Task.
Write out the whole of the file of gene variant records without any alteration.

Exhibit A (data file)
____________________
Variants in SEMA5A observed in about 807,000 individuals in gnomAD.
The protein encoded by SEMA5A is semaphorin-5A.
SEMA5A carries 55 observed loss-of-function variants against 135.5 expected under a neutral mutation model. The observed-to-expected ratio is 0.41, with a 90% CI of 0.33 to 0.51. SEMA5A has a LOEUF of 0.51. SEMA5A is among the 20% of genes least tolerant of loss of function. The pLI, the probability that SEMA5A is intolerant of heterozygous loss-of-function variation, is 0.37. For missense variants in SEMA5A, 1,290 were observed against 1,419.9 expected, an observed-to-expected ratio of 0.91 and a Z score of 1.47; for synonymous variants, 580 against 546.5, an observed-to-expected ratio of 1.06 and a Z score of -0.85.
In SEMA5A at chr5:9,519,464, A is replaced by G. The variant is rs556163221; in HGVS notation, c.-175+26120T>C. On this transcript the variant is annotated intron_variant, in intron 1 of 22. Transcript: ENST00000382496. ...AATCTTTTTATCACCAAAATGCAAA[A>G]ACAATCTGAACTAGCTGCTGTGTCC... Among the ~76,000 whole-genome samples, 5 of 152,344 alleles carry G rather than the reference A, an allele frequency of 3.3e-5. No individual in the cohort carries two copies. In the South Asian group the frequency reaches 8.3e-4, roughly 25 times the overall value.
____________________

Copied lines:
Variants in SEMA5A observed in about 807,000 individuals in gnomAD.
The protein encoded by SEMA5A is semaphorin-5A.
SEMA5A carries 55 observed loss-of-function variants against 135.5 expected under a neutral mutation model. The observed-to-expected ratio is 0.41, with a 90% CI of 0.33 to 0.51. SEMA5A has a LOEUF of 0.51. SEMA5A is among the 20% of genes least tolerant of loss of function. The pLI, the probability that SEMA5A is intolerant of heterozygous loss-of-function variation, is 0.37. For missense variants in SEMA5A, 1,290 were observed against 1,419.9 expected, an observed-to-expected ratio of 0.91 and a Z score of 1.47; for synonymous variants, 580 against 546.5, an observed-to-expected ratio of 1.06 and a Z score of -0.85.
In SEMA5A at chr5:9,519,464, A is replaced by G. The variant is rs556163221; in HGVS notation, c.-175+26120T>C. On this transcript the variant is annotated intron_variant, in intron 1 of 22. Transcript: ENST00000382496. ...AATCTTTTTATCACCAAAATGCAAA[A>G]ACAATCTGAACTAGCTGCTGTGTCC... Among the ~76,000 whole-genome samples, 5 of 152,344 alleles carry G rather than the reference A, an allele frequency of 3.3e-5. No individual in the cohort carries two copies. In the South Asian group the frequency reaches 8.3e-4, roughly 25 times the overall value.